• Are there cetaceans using the MPA?
    • What activities are permitted, and which are prohibited.
    • Are there any outside pressures on the MPA?
    • How old is the MPA, and is there evidence to support any benefit the marine habitat and its users?
    • How does the habitat inside the MPA differ to surrounding areas?
  • Students will determine the groups using the MPA.
  • Instruct students to research if any information is available to guide the public on the presence and uses of the MPA.
  • From their research, students will develop an informed perspective on the effectiveness of their chosen MPA, determining the benefits to marine ecosystems, species and human users.

Activity Answer:

Students use what they learned about MPAs for cetaceans, and the MPA they researched as a catalyst for a discussion via a class presentation/paper. Students see the connectedness between healthy marine ecosystems and proper management. It challengers students to explore their own values and responsibilities about the protection of marine biodiversity, and that of their community.

Related Resources -

Links:

  • www.cetaceanhabitat.org This site is dedicated to the conservation of the critical habitats of whales, dolphins and porpoises in national waters and on the high seas of the world ocean. You will find explanations of key marine protected area (MPA) terms such as critical habitat and ecosystem-based management; excerpts from Erich Hoyt’s book Marine Protected Areas for Whales, Dolphins and Porpoises; an interactive directory and poster-map of the more than 500 MPAs and sanctuaries for cetaceans, both proposed and existing; news about MPAs and interviews with cetacean experts.
  • www.mpanews.org MPA News is a monthly international newsletter dedicated to providing information on the planning and management of marine protected areas around the world. The newsletter aims to serve the global community with important news, insightful analysis, helpful tips, and challenging points of view.
  • www.alboranseaconservation.org This collaborative project is studying the feasibility and effectiveness of marine protected areas for highly mobile marine vertebrates in the Alborán Sea, a dynamic pelagic ecosystem in the Western Mediterranean.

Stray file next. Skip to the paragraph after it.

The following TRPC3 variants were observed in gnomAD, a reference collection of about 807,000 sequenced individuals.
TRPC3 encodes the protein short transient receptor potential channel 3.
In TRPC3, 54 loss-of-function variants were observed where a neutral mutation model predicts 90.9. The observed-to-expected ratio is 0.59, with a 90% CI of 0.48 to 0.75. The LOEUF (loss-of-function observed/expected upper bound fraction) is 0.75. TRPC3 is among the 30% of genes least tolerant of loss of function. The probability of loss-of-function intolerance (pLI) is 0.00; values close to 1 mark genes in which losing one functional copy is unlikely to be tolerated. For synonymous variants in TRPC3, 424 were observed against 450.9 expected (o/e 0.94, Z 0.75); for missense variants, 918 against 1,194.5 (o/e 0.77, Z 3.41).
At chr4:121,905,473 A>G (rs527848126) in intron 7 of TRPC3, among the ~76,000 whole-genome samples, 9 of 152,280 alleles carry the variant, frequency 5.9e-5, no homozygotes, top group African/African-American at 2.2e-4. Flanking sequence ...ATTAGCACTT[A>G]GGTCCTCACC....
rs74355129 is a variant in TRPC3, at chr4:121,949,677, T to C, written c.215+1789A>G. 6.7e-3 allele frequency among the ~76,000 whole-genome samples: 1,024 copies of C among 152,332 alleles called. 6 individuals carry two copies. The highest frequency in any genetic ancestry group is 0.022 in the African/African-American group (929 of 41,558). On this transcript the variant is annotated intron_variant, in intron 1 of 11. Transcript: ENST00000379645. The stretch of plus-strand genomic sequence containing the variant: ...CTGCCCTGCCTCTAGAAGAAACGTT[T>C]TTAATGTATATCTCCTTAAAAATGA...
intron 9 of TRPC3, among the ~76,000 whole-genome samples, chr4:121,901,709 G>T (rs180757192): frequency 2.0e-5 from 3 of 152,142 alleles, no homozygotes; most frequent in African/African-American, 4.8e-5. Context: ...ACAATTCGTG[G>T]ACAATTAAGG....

• www.amcs.org.au The sea we know and love is changing. Once treated as a dumping ground and considered inexhaustible, our oceans are now in crisis and need our help. The Australian Marine Conservation Society creates marine national parks, saves our ocean wildlife and makes our fisheries sustainable.

Books:

  • Hoyt, E. 2005. Marine Protected Areas for Whales, Dolphins and Porpoises. A World Handbook for Cetacean Habitat Conservation. Earthscan.

Classroom Application -

The “Sanctuaries of the Sea” Activity Program is specifically directed at Grades 9 - 12 biology, geography, oceanography, environmental education, and IT studies. Lateral thinking allows activities encompassing cetaceans (whales, dolphins and porpoises) to link into a wide range of secondary curriculum areas. An awareness of other animals, particularly the study of charismatic keynote species, is crucial for students to learn about the issues involved in conservation and how the choices we make affect the world around us. Learning about the lives of other animals changes our 'world view', fosters a sense of responsibility and encourages action. The topic of cetaceans fits most obviously into the science learning area. However, there is ample opportunity to incorporate cetaceans into the geography, English and art frameworks.

Classroom Activity Author -

Genevieve Johnson has taught middle and high school students in the area of Environmental Education for over 12 years. She has also spent five years as a cetacean field researcher on an around the world science and education expedition. As well as teaching in a classroom, Genevieve designed the 'Class from the Sea' and 'Ocean Encounters' programs, designing curriculum and linking with students around the globe from the research vessel. She currently creates content for educators based on field experience with cetacean researchers and marine ecologists around the world, as part of the online series, Whale Trackers.